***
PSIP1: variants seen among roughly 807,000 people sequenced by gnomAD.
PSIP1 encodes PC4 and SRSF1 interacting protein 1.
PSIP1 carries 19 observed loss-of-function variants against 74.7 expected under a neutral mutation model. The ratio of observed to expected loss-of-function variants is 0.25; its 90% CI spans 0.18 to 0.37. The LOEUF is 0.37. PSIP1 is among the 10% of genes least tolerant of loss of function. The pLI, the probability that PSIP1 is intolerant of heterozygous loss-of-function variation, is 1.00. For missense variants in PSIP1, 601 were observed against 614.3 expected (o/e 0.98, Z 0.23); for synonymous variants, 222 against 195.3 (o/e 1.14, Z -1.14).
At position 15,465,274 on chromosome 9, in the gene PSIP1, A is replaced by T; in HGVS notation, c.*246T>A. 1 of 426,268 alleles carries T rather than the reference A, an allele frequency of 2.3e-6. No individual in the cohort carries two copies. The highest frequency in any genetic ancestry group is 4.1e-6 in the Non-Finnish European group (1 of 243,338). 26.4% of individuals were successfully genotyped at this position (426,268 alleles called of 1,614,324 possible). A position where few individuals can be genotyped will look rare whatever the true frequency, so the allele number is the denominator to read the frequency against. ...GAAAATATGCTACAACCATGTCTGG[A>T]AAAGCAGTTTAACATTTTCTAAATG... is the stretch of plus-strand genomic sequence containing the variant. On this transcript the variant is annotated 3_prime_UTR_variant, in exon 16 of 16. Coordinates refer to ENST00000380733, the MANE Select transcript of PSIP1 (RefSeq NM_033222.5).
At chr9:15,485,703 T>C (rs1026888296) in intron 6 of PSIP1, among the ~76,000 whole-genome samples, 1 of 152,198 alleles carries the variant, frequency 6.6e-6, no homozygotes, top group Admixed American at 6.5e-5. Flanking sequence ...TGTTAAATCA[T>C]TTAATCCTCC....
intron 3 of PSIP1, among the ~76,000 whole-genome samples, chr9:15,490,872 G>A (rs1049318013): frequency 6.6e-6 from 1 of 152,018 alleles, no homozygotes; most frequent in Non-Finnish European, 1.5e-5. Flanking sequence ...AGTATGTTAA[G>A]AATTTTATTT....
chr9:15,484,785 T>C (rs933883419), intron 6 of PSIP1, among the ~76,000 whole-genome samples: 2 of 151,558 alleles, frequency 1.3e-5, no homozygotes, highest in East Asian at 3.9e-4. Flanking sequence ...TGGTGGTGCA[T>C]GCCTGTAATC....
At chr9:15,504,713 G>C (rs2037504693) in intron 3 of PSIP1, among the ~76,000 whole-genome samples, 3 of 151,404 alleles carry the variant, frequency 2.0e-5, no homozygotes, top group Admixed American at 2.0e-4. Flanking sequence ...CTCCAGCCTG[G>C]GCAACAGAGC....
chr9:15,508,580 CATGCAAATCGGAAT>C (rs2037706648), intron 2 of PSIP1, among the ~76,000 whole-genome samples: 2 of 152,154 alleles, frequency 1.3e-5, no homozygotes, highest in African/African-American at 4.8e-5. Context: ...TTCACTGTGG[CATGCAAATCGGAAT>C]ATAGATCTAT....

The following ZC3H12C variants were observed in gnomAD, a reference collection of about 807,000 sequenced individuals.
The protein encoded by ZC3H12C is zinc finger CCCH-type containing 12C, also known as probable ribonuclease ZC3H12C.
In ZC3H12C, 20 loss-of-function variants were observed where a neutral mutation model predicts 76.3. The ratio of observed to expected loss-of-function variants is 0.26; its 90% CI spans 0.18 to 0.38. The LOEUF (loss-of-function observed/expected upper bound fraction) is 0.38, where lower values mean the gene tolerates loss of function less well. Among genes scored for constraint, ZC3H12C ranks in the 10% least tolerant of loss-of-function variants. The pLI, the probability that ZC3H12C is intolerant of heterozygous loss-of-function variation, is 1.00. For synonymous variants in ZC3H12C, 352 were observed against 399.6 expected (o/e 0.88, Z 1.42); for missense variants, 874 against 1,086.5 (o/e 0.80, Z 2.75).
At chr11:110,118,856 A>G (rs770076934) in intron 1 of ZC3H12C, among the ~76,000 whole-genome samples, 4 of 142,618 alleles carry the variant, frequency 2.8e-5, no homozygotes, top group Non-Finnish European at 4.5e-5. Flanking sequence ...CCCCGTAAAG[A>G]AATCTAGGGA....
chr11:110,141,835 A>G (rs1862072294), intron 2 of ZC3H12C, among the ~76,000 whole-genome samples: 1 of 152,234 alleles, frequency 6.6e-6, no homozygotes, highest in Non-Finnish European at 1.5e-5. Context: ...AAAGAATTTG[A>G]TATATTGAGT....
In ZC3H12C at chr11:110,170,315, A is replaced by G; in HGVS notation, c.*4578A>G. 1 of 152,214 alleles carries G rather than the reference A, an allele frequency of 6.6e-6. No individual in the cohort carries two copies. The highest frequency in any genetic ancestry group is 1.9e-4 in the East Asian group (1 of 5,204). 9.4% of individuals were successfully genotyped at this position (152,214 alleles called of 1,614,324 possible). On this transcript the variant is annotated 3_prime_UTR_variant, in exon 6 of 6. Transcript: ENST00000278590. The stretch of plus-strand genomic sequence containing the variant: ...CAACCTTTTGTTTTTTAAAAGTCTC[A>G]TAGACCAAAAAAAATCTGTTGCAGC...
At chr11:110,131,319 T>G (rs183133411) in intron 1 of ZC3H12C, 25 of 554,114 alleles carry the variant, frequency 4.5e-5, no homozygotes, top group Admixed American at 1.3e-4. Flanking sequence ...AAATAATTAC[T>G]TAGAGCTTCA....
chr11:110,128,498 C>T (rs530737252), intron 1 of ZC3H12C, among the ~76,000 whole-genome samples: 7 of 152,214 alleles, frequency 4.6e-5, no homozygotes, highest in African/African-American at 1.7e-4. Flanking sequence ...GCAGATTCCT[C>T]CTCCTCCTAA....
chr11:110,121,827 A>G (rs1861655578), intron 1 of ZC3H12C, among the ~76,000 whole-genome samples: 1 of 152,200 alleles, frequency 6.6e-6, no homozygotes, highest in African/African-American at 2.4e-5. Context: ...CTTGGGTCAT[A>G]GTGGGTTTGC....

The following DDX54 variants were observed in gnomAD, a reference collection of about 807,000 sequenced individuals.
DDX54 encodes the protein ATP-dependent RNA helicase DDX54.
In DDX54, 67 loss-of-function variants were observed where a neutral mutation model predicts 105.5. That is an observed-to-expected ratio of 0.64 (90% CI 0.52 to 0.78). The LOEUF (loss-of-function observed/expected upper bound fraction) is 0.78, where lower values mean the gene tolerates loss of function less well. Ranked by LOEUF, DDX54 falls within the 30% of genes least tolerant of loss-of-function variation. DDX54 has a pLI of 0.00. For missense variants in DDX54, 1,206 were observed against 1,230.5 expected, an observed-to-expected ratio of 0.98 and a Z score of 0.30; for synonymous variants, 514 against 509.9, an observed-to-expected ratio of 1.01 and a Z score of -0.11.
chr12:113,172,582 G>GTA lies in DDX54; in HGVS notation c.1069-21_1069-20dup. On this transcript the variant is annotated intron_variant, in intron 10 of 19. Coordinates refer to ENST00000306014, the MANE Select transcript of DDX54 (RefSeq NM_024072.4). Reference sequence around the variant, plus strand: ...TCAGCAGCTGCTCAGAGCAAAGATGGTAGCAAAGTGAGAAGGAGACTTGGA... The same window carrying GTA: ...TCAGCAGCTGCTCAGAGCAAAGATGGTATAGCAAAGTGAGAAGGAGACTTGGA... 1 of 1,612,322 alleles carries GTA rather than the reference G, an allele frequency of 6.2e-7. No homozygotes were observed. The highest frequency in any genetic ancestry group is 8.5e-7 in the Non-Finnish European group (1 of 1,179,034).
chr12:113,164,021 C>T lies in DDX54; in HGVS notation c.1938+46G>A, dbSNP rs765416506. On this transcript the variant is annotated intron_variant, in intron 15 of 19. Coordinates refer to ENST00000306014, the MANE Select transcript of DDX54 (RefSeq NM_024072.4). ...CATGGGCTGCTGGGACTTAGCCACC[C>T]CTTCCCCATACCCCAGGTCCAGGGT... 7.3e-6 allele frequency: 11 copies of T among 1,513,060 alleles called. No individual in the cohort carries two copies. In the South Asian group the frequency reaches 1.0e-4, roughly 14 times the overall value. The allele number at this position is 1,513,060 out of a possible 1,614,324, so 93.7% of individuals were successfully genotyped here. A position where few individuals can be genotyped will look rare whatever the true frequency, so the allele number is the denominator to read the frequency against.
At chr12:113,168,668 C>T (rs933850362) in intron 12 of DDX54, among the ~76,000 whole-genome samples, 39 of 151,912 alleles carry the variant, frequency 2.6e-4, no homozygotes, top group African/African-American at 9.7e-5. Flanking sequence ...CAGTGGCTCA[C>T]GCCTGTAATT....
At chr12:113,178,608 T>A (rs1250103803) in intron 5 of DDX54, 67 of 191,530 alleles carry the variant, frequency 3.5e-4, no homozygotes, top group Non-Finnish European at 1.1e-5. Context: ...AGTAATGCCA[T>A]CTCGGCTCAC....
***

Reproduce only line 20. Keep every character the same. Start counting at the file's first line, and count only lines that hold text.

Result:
DDX54 encodes the protein ATP-dependent RNA helicase DDX54.